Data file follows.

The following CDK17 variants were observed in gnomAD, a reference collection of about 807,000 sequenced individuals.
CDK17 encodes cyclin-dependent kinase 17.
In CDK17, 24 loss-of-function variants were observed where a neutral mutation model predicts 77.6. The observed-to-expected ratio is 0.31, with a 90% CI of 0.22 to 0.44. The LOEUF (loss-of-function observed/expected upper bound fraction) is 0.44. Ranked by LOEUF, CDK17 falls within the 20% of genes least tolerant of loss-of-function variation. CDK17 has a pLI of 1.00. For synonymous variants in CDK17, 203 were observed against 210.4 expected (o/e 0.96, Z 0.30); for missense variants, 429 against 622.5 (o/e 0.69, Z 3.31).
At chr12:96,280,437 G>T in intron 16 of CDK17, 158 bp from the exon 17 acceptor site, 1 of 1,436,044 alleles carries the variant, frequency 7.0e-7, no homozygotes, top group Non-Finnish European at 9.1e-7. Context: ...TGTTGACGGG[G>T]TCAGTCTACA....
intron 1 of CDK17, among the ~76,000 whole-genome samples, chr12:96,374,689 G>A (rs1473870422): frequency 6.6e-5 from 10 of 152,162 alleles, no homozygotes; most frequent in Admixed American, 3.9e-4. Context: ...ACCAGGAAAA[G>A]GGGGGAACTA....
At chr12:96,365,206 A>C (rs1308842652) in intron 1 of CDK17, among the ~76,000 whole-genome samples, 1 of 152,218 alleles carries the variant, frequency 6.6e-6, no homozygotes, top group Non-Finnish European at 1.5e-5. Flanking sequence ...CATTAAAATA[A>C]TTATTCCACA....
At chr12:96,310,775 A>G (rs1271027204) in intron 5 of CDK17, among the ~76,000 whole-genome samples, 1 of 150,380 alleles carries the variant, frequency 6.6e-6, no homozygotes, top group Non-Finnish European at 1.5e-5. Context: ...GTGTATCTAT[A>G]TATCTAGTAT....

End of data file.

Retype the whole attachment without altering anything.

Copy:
The following CDK17 variants were observed in gnomAD, a reference collection of about 807,000 sequenced individuals.
CDK17 encodes cyclin-dependent kinase 17.
In CDK17, 24 loss-of-function variants were observed where a neutral mutation model predicts 77.6. The observed-to-expected ratio is 0.31, with a 90% CI of 0.22 to 0.44. The LOEUF (loss-of-function observed/expected upper bound fraction) is 0.44. Ranked by LOEUF, CDK17 falls within the 20% of genes least tolerant of loss-of-function variation. CDK17 has a pLI of 1.00. For synonymous variants in CDK17, 203 were observed against 210.4 expected (o/e 0.96, Z 0.30); for missense variants, 429 against 622.5 (o/e 0.69, Z 3.31).
At chr12:96,280,437 G>T in intron 16 of CDK17, 158 bp from the exon 17 acceptor site, 1 of 1,436,044 alleles carries the variant, frequency 7.0e-7, no homozygotes, top group Non-Finnish European at 9.1e-7. Context: ...TGTTGACGGG[G>T]TCAGTCTACA....
intron 1 of CDK17, among the ~76,000 whole-genome samples, chr12:96,374,689 G>A (rs1473870422): frequency 6.6e-5 from 10 of 152,162 alleles, no homozygotes; most frequent in Admixed American, 3.9e-4. Context: ...ACCAGGAAAA[G>A]GGGGGAACTA....
At chr12:96,365,206 A>C (rs1308842652) in intron 1 of CDK17, among the ~76,000 whole-genome samples, 1 of 152,218 alleles carries the variant, frequency 6.6e-6, no homozygotes, top group Non-Finnish European at 1.5e-5. Flanking sequence ...CATTAAAATA[A>C]TTATTCCACA....
At chr12:96,310,775 A>G (rs1271027204) in intron 5 of CDK17, among the ~76,000 whole-genome samples, 1 of 150,380 alleles carries the variant, frequency 6.6e-6, no homozygotes, top group Non-Finnish European at 1.5e-5. Context: ...GTGTATCTAT[A>G]TATCTAGTAT....